INDIGNATION by Philip Roth (Houghton Mifflin, September 16, 2008)
Review by Nancy Yanes-Hoffman, THE WRITING DOCTOR, at www.writingdoctor.typepad.com, email: email@example.com,
16 San Rafael Drive, Rochester NY 14618
I’ve read INDIGNATION , Philip Roth’s 29th novel, three times. I think I’ve figured it out. Maybe.
Ever since his first novel, GOODBYE COLUMBUS burst on the literary scene, Philip Roth has been an American must-read phenomenon. Singularly autobiographical, mainly honing in on writers or other luft-menschen as central characters, Roth wrote of young and horny protagonists when he was young. They got older when age caught him in its tentacles.
Now 76, Roth recently seems galvanized by a new burst of energy, publishing a new book almost every year. The list of his prizes is endless. From Pulitzer to the National Medal of Arts, the Gold Medal in Fiction, the National Book Award, National Book Critics Circle award. Only the Nobel is missing.
But INDIGNATION is a far cry from Roth’s latest pattern. Roth’s last two books, the brilliant, moving EVERYMAN, and the disappointing EXIT GHOST confront the terrifying abyss of aging and dying. INDIGNATION is also about death, but its prime mover, Marcus Messner dies “three months short of his twentieth birthday,” killed in the Korean War. Messner’s death is an appointment in Samarra. He’s caught by that which he would escape.
What kills Marcus? Whose fault is it that Marcus is killed before he can grow up, dead in that long-forgotten, much-neglected Korean War? Is it his paranoid, over-protective father who imagines death—and sex--at every corner? Is it Marcus’s flight from Newark to college in Winesburg, Ohio, to run from his father’s rages?
(Just why Winesburg, the site of Sherwood Anderson’s brilliant group short stories, is Marcus’s unforgiving escape hatch remains one of the mysteries of his tortured tale).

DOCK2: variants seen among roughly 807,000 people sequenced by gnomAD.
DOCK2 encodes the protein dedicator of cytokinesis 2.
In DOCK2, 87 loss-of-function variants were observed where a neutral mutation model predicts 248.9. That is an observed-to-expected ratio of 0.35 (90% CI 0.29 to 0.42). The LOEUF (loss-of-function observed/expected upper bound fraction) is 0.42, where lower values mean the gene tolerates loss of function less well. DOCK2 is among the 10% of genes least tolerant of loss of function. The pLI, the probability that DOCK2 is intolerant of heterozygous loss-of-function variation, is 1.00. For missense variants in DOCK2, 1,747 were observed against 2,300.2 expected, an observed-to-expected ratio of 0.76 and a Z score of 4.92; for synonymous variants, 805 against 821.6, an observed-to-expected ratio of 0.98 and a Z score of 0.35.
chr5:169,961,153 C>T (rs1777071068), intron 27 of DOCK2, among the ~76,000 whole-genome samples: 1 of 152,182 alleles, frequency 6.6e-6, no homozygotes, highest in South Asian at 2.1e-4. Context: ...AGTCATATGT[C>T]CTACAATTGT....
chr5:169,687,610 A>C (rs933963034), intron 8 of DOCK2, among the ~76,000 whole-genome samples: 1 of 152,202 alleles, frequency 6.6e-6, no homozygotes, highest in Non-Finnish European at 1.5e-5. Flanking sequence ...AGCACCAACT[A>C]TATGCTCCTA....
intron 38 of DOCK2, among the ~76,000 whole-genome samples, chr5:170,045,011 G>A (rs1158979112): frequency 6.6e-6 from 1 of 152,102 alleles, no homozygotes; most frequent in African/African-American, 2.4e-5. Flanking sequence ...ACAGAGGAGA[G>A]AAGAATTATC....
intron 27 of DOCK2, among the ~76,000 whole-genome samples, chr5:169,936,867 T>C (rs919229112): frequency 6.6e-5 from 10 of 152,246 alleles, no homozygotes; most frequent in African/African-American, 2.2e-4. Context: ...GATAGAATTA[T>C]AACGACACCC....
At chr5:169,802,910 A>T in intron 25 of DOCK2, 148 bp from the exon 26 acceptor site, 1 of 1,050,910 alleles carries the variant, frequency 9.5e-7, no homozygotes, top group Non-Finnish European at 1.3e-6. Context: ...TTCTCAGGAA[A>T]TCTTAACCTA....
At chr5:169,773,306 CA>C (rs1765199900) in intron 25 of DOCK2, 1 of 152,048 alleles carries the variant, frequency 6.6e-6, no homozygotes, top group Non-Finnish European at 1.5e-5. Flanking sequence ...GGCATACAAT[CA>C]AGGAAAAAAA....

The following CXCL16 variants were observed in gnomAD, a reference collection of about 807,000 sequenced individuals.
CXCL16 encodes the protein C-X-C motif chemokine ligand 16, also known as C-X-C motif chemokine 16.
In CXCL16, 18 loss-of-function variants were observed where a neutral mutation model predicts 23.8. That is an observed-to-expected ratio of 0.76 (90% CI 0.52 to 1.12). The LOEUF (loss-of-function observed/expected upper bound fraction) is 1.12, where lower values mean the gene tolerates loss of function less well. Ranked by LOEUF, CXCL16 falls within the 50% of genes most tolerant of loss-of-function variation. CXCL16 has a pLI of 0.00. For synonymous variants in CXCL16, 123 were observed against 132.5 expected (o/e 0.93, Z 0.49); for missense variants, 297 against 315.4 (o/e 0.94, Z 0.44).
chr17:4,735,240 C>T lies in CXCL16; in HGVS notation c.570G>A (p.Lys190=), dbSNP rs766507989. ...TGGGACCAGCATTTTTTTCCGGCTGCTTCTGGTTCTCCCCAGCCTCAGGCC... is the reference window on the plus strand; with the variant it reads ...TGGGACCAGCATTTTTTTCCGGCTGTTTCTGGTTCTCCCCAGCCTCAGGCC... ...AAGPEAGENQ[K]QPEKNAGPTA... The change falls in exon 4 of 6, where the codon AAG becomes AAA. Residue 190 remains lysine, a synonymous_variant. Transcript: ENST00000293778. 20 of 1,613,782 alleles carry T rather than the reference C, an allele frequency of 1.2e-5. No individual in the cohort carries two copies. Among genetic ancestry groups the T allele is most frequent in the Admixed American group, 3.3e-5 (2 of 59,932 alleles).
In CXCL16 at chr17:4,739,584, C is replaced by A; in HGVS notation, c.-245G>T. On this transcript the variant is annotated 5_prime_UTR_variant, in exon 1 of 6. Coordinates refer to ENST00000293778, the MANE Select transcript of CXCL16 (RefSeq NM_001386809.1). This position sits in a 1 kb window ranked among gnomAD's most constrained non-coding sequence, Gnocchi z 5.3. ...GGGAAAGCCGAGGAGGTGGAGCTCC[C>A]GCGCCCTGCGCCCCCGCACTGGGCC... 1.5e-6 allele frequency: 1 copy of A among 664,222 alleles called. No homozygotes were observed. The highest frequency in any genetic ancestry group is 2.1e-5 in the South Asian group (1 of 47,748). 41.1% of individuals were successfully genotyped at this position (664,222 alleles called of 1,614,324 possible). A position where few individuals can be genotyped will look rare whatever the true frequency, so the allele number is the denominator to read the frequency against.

Marcus’s father is one of Roth’s love-hate fathers, who drives him away from his bloody, kosher butcher shop to the obviously, “goyish” Ohio world where he can’t find a congenial roommate, where the anti-Semitic fraternities ban him. And where chapel attendance is required. What he does find is a sexually adept, “Blowjob Queen” in the psychologically scarified Olivia Hutton, whom he learns to love despite his mother’s protests. Castigated by the Republican, Red-baiting president of the college for his unwillingness to belong, for his quoting of Bertrand Russell to the dean, Marcus is thrown out of school—only to be drafted, the one thing he was fighting against.
Letting Marcus tell his story from the grave, Roth finally answers the crucial question in the novel’s last paragraph of what—or who—killed “Marcus Messner, 1932-1952, the only one of his classmates unfortunate enough to be killed in the Korean War, which ended with the signing of an armistice agreement on July 27, 1953, eleven full months before Marcus, had he been able to stomach chapel and keep his mouth shut, would have received his undergraduate degree from Winesburg College—more than likely as class valedictorian—and thus postponed learning what his uneducated father had been trying so hard to teach him all along: of the terrible, the incomprehensible way one’s most banal, incidental, even comical choices achieve the most disproportionate result.”
It is, then, Marcus himself, his father, his unwelcoming Winesburg, Ohio school, his warring with the college president (and vomiting all over the dean), that lands him in Korea to meet his death. For Marcus’s story depicts the powerlessness of individuals as they try to run from their fates—only to embrace their destinies. No matter what their age, Marcus's impassioned, irrational father was right. Death does lurk just around the corner in Roth’s Samarra. And perhaps in our own as well.